Credit: P. A. Evans et al.; U. Leceister; NASA
New Sources for a New Year
The Swift satellite observatory, launched November 20, 2004, is primarily a Gamma-Ray Burst hunter. It's equipped with a coded mask gamma-ray telescope to quickly detect and localize GRBs. It also is equipped with an X-ray telescope to provide finer positions of the X-ray afterglows, along with an ultraviolet & optical telescope to study the burst's UV and optical emission. Swift has provided watershed observations of GRBs and helped usher in a new era in GRB physics. But that's not all Swift does. In between bursts, Swift uses its X-ray telescope to probe the X-ray sky. These observations allow the Swift X-ray Telescope to make important observations of known and serendipitous X-ray sources. Scientists with the Swift project have analyzed eight years of these extraordinary X-ray data and have catalogued all the X-ray sources seen by the XRT during that time. This catalog, the first Swift X-ray Point Source Catalog, contains over 150,000 objects. The image above shows the distribution of these Swift XRT sources on the sky. This rich treasure-trove helps astronomers understand the sources of X-ray emission from stars, galaxies, compact objects and black holes, and will point the way for important follow-up observations with other space-based X-ray telescopes like the Chandra X-ray Observatory, XMM-Newton, and NuSTAR.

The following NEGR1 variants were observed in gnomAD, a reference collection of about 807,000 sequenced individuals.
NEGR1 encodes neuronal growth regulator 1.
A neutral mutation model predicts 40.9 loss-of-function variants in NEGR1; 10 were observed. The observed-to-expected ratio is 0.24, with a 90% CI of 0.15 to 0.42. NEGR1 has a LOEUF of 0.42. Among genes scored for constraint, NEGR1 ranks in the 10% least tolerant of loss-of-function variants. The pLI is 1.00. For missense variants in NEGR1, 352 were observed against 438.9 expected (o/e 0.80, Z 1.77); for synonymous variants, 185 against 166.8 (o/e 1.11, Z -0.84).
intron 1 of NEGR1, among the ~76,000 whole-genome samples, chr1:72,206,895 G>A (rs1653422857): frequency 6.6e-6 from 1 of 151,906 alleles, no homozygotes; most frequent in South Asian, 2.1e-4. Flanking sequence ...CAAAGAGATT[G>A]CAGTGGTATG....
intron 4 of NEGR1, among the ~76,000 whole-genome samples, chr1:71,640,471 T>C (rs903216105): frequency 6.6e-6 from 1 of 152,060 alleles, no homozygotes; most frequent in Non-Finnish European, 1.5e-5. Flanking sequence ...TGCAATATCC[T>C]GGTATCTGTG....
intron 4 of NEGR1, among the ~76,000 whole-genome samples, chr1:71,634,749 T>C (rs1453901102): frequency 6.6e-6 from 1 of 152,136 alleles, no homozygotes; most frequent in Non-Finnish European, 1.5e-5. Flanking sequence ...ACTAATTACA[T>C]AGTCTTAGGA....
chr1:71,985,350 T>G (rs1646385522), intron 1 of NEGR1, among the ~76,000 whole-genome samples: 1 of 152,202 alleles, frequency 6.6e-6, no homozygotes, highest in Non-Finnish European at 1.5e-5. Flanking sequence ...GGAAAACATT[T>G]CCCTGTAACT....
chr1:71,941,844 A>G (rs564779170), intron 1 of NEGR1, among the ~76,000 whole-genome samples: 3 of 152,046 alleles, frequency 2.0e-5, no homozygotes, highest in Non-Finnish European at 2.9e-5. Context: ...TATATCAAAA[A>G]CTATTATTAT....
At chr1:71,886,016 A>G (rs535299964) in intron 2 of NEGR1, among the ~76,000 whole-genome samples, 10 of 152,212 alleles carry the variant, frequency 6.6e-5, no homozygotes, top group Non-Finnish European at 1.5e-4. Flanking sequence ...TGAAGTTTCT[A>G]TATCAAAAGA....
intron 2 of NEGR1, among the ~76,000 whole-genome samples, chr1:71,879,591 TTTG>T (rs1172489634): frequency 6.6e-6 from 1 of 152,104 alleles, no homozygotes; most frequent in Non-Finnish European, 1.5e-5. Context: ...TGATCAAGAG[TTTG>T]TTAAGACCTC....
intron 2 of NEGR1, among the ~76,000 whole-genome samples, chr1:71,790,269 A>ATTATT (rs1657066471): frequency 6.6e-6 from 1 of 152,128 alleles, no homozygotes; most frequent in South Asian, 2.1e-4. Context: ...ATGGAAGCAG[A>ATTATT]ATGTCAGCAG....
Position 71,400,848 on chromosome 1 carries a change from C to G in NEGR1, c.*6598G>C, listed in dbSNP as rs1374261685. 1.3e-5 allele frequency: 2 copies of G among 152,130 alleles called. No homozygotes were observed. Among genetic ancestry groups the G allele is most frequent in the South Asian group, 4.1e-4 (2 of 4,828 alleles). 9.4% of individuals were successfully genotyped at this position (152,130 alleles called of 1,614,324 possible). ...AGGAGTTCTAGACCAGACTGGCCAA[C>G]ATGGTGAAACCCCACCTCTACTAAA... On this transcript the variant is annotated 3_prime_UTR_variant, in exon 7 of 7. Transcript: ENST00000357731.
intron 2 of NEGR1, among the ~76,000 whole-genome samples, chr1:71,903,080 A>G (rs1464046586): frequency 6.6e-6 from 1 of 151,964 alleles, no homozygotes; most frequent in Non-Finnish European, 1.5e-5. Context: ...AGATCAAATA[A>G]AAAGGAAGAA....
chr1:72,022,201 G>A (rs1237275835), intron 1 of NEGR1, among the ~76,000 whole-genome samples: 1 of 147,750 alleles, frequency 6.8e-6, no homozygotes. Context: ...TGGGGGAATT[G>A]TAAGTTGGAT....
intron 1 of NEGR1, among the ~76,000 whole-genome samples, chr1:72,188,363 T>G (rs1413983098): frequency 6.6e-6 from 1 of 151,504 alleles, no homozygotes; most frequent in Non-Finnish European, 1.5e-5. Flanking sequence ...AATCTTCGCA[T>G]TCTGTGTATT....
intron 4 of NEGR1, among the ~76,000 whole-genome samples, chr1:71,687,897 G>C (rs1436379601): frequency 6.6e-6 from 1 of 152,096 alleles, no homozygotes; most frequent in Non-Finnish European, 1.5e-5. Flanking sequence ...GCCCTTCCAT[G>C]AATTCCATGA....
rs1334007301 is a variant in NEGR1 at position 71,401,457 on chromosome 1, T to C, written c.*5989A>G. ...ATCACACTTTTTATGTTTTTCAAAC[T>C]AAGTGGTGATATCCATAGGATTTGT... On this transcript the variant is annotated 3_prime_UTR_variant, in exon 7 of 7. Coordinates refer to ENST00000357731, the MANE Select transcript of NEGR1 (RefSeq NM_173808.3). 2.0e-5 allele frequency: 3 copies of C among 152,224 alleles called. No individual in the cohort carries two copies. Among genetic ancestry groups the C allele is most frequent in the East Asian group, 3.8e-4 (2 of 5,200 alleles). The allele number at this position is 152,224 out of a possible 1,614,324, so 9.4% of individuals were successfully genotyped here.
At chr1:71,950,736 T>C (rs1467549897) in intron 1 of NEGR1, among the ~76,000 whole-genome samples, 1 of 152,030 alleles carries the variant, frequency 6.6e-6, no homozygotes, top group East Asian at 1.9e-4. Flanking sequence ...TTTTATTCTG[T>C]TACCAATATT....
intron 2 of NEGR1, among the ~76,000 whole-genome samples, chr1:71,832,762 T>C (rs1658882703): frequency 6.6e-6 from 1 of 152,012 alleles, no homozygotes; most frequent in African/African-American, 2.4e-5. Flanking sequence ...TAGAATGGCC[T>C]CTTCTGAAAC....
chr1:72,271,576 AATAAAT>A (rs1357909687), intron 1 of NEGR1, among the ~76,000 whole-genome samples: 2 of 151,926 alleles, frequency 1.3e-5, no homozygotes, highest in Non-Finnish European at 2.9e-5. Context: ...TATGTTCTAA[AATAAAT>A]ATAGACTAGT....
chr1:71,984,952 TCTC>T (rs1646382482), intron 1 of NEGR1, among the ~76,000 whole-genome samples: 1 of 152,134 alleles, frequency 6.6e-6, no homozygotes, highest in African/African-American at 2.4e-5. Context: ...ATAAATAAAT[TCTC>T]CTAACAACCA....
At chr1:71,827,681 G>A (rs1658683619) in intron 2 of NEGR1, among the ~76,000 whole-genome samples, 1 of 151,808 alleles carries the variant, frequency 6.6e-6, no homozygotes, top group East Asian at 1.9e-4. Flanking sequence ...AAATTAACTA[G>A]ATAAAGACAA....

Published: January 6, 2014
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Page Author: Dr. Michael F. Corcoran
Last modified Monday, 13-Jan-2014 06:14:58 EST